Returning to Family Roots: Rumiko Obata on Leading Her Family Sake Brewery
Rumiko is bringing the taste of her native island to sake lovers worldwide
“Reputation before ratings”: fifth generation sake brewery owner Rumiko Obata talks about the importance of family businesses and using her smooth sake to promote Sado through titillating drinkers’ tastebuds.
Rumiko grew up in the sake world, watching her parents manage the laborious process of creating sake from Niigata and Sado’s famously prized rice. And like many young Sadoans she dreamed of leaving the island to explore the world. While she was able to make her dream come true, spending her 20s in a high-flying career that took her all the way to Hollywood, a family illness reminded her of the importance of family and carrying on tradition.
From Sado to the world
Rumiko says that she was inspired by Kaoru Kanetaka, a popular travel reporter during her childhood. She dreamed of becoming a journalist and seeing the world for herself. This way, she could share of other countries and cultures with audiences back in Japan. She moved to Tokyo to study political science at Keio University, but then found another way of sharing different worlds with audiences by entering the movie industry with Nippon Herald Films.
For years she lived the high-paced life of a publicist, promoting new movies every three months, meeting actors and directors, traveling to Los Angeles for business, and making the most of big city life in Tokyo.
Returning to the roots of Sado
Rumiko says that at the time she had no plans to take over the family business. However, this changed at the age of 28, when her father became seriously ill. While he later recovered and is still involved with the business today, it was a watershed moment for her. “It got me thinking: how would I want to spend my last moments? How do I want to be remembered?” she says pensively, “I then realized that all I wanted to do was sip sake in my family kura (traditional Japanese storehouse). I needed to return to my roots.”
The following year she packed up her life in Tokyo and, with husband Ken in tow, headed back to her native island.
…how would I want to spend my last moments? How do I want to be remembered?” she says pensively, “I then realized that all I wanted to do was sip sake in my family kura (traditional Japanese storehouse). I needed to return to my roots.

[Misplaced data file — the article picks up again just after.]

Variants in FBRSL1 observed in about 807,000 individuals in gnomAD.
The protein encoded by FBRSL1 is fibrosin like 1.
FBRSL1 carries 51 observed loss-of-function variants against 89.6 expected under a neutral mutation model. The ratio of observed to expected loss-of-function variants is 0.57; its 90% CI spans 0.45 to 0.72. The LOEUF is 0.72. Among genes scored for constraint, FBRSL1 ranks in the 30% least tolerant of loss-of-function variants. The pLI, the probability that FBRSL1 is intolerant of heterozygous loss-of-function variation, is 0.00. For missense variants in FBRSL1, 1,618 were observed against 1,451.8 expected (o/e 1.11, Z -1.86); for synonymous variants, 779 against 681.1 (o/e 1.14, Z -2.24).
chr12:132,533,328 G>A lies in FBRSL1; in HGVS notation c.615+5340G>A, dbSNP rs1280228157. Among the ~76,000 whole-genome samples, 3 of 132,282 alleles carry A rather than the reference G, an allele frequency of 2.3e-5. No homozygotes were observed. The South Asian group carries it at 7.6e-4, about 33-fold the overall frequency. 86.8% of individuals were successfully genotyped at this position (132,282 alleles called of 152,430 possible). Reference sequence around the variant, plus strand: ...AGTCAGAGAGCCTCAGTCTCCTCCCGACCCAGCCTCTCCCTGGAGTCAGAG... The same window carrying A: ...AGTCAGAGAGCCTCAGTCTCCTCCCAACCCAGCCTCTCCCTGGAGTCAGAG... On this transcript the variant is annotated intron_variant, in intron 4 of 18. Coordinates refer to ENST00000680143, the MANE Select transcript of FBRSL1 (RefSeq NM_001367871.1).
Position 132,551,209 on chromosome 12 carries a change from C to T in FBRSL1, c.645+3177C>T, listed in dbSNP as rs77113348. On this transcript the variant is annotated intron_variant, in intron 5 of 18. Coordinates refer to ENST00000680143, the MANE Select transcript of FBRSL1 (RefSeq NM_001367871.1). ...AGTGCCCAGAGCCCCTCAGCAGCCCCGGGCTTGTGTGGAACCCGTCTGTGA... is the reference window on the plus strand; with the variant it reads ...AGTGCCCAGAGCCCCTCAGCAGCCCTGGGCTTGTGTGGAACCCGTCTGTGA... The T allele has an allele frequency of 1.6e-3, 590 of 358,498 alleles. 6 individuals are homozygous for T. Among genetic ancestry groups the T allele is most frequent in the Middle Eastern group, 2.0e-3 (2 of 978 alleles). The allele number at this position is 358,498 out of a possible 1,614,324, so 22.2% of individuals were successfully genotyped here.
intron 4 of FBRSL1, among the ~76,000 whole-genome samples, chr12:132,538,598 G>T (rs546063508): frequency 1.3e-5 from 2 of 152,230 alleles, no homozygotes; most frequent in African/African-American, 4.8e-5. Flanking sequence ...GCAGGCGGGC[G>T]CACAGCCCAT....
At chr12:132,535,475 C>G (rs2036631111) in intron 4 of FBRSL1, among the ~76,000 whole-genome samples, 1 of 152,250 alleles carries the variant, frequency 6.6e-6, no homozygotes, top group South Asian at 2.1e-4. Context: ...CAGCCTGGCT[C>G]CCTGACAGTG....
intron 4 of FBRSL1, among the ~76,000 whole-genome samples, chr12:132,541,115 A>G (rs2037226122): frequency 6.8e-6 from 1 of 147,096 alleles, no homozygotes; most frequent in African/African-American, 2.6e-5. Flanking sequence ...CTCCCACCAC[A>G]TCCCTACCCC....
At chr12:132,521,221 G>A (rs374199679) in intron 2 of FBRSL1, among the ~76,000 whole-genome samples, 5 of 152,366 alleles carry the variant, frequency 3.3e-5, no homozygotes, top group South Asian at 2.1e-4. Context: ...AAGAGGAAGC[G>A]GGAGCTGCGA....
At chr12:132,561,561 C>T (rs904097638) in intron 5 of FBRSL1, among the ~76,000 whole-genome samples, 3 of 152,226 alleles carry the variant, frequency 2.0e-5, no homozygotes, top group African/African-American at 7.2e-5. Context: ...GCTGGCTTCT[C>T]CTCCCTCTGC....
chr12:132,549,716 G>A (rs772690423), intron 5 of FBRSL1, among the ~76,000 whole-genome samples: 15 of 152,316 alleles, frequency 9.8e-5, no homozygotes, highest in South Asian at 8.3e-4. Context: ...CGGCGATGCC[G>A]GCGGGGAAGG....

She has no regrets about returning to Sado. “I was returning by choice, to do the work I knew I wanted to do for the rest of my life.” While the transition from Tokyo to the quiet life on the island was relatively smooth, one thing she did notice was the difference in how she experienced time and the pace of her new work.
“Going from the movie industry, where you always have several movie promotions in the works on tight three-month cycles, to the one-year cycle of creating sake was something of a shock. The process of harvesting the rice in the autumn, making sake during winter, then bottling and shipping out the year’s product, everything is linked with the seasons.” With a laugh, she remarks that it probably took her 10 years to fully readjust to this slower pace attuned with nature.
Bringing Sado’s sake to the world
Not one to make excuses or sit on her laurels, in 2003 she started working towards making a new dream come true. During her time in the film business, she saw large commercial brewery’s sake served at Hollywood events but wanted to see her family’s craft brews there instead. Leveraging her contacts as a former movie publicist, she decided to work on finding new markets for sake by building a network of new potential nihonshu lovers internationally.